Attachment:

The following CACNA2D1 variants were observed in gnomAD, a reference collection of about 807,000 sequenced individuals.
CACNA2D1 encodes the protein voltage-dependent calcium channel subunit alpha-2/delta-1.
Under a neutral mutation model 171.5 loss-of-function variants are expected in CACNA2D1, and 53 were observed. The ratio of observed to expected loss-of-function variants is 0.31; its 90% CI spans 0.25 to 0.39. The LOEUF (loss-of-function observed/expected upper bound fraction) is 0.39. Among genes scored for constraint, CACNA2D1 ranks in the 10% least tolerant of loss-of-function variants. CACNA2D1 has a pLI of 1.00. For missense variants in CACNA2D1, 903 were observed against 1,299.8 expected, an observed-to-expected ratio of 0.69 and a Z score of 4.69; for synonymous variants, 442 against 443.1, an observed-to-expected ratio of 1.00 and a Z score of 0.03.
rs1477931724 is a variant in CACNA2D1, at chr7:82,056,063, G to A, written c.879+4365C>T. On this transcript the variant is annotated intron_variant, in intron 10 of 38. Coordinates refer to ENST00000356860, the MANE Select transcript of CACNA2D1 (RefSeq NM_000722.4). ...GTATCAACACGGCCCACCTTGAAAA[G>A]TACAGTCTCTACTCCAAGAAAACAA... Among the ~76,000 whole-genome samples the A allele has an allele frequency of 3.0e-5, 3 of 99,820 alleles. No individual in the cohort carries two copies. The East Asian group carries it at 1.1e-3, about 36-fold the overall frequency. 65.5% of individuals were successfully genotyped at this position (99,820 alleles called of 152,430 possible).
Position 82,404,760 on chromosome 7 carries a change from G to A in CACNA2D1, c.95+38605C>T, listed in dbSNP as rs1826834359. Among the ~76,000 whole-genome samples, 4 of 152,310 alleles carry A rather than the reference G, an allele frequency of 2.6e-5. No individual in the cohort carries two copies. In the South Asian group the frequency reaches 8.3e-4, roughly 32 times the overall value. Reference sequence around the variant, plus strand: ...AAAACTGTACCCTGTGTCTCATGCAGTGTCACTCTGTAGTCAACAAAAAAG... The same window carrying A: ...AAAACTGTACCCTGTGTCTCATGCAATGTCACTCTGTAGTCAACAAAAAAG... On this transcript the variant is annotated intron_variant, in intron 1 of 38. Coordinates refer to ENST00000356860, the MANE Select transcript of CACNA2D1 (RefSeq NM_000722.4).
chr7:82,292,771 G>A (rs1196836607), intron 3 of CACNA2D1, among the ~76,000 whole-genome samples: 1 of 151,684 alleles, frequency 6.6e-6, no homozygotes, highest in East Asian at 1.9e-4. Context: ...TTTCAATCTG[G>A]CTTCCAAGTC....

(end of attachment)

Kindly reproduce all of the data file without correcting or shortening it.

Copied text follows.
The following CACNA2D1 variants were observed in gnomAD, a reference collection of about 807,000 sequenced individuals.
CACNA2D1 encodes the protein voltage-dependent calcium channel subunit alpha-2/delta-1.
Under a neutral mutation model 171.5 loss-of-function variants are expected in CACNA2D1, and 53 were observed. The ratio of observed to expected loss-of-function variants is 0.31; its 90% CI spans 0.25 to 0.39. The LOEUF (loss-of-function observed/expected upper bound fraction) is 0.39. Among genes scored for constraint, CACNA2D1 ranks in the 10% least tolerant of loss-of-function variants. CACNA2D1 has a pLI of 1.00. For missense variants in CACNA2D1, 903 were observed against 1,299.8 expected, an observed-to-expected ratio of 0.69 and a Z score of 4.69; for synonymous variants, 442 against 443.1, an observed-to-expected ratio of 1.00 and a Z score of 0.03.
rs1477931724 is a variant in CACNA2D1, at chr7:82,056,063, G to A, written c.879+4365C>T. On this transcript the variant is annotated intron_variant, in intron 10 of 38. Coordinates refer to ENST00000356860, the MANE Select transcript of CACNA2D1 (RefSeq NM_000722.4). ...GTATCAACACGGCCCACCTTGAAAA[G>A]TACAGTCTCTACTCCAAGAAAACAA... Among the ~76,000 whole-genome samples the A allele has an allele frequency of 3.0e-5, 3 of 99,820 alleles. No individual in the cohort carries two copies. The East Asian group carries it at 1.1e-3, about 36-fold the overall frequency. 65.5% of individuals were successfully genotyped at this position (99,820 alleles called of 152,430 possible).
Position 82,404,760 on chromosome 7 carries a change from G to A in CACNA2D1, c.95+38605C>T, listed in dbSNP as rs1826834359. Among the ~76,000 whole-genome samples, 4 of 152,310 alleles carry A rather than the reference G, an allele frequency of 2.6e-5. No individual in the cohort carries two copies. In the South Asian group the frequency reaches 8.3e-4, roughly 32 times the overall value. Reference sequence around the variant, plus strand: ...AAAACTGTACCCTGTGTCTCATGCAGTGTCACTCTGTAGTCAACAAAAAAG... The same window carrying A: ...AAAACTGTACCCTGTGTCTCATGCAATGTCACTCTGTAGTCAACAAAAAAG... On this transcript the variant is annotated intron_variant, in intron 1 of 38. Coordinates refer to ENST00000356860, the MANE Select transcript of CACNA2D1 (RefSeq NM_000722.4).
chr7:82,292,771 G>A (rs1196836607), intron 3 of CACNA2D1, among the ~76,000 whole-genome samples: 1 of 151,684 alleles, frequency 6.6e-6, no homozygotes, highest in East Asian at 1.9e-4. Context: ...TTTCAATCTG[G>A]CTTCCAAGTC....